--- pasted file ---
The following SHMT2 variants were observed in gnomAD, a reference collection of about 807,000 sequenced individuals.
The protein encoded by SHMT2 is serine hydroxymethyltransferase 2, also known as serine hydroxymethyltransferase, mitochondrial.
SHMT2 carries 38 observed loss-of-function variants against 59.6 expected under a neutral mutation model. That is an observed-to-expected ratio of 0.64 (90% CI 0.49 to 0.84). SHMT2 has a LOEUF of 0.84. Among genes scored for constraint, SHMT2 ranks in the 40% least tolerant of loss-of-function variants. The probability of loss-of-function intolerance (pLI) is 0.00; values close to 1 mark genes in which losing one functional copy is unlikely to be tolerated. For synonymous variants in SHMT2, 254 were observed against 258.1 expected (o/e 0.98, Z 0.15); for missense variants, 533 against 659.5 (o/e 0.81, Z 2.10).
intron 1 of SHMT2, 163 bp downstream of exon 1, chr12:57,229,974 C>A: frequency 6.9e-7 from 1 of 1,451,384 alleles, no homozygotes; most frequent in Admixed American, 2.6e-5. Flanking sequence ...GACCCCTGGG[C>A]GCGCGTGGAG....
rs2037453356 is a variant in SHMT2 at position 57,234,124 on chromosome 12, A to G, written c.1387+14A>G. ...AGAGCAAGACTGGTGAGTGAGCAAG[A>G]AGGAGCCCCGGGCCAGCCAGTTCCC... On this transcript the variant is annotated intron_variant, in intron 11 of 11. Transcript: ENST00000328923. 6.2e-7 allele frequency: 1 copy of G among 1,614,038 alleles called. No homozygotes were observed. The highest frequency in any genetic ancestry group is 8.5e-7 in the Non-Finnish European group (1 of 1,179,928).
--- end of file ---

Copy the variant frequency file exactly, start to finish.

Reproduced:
The following SHMT2 variants were observed in gnomAD, a reference collection of about 807,000 sequenced individuals.
The protein encoded by SHMT2 is serine hydroxymethyltransferase 2, also known as serine hydroxymethyltransferase, mitochondrial.
SHMT2 carries 38 observed loss-of-function variants against 59.6 expected under a neutral mutation model. That is an observed-to-expected ratio of 0.64 (90% CI 0.49 to 0.84). SHMT2 has a LOEUF of 0.84. Among genes scored for constraint, SHMT2 ranks in the 40% least tolerant of loss-of-function variants. The probability of loss-of-function intolerance (pLI) is 0.00; values close to 1 mark genes in which losing one functional copy is unlikely to be tolerated. For synonymous variants in SHMT2, 254 were observed against 258.1 expected (o/e 0.98, Z 0.15); for missense variants, 533 against 659.5 (o/e 0.81, Z 2.10).
intron 1 of SHMT2, 163 bp downstream of exon 1, chr12:57,229,974 C>A: frequency 6.9e-7 from 1 of 1,451,384 alleles, no homozygotes; most frequent in Admixed American, 2.6e-5. Flanking sequence ...GACCCCTGGG[C>A]GCGCGTGGAG....
rs2037453356 is a variant in SHMT2 at position 57,234,124 on chromosome 12, A to G, written c.1387+14A>G. ...AGAGCAAGACTGGTGAGTGAGCAAG[A>G]AGGAGCCCCGGGCCAGCCAGTTCCC... On this transcript the variant is annotated intron_variant, in intron 11 of 11. Transcript: ENST00000328923. 6.2e-7 allele frequency: 1 copy of G among 1,614,038 alleles called. No homozygotes were observed. The highest frequency in any genetic ancestry group is 8.5e-7 in the Non-Finnish European group (1 of 1,179,928).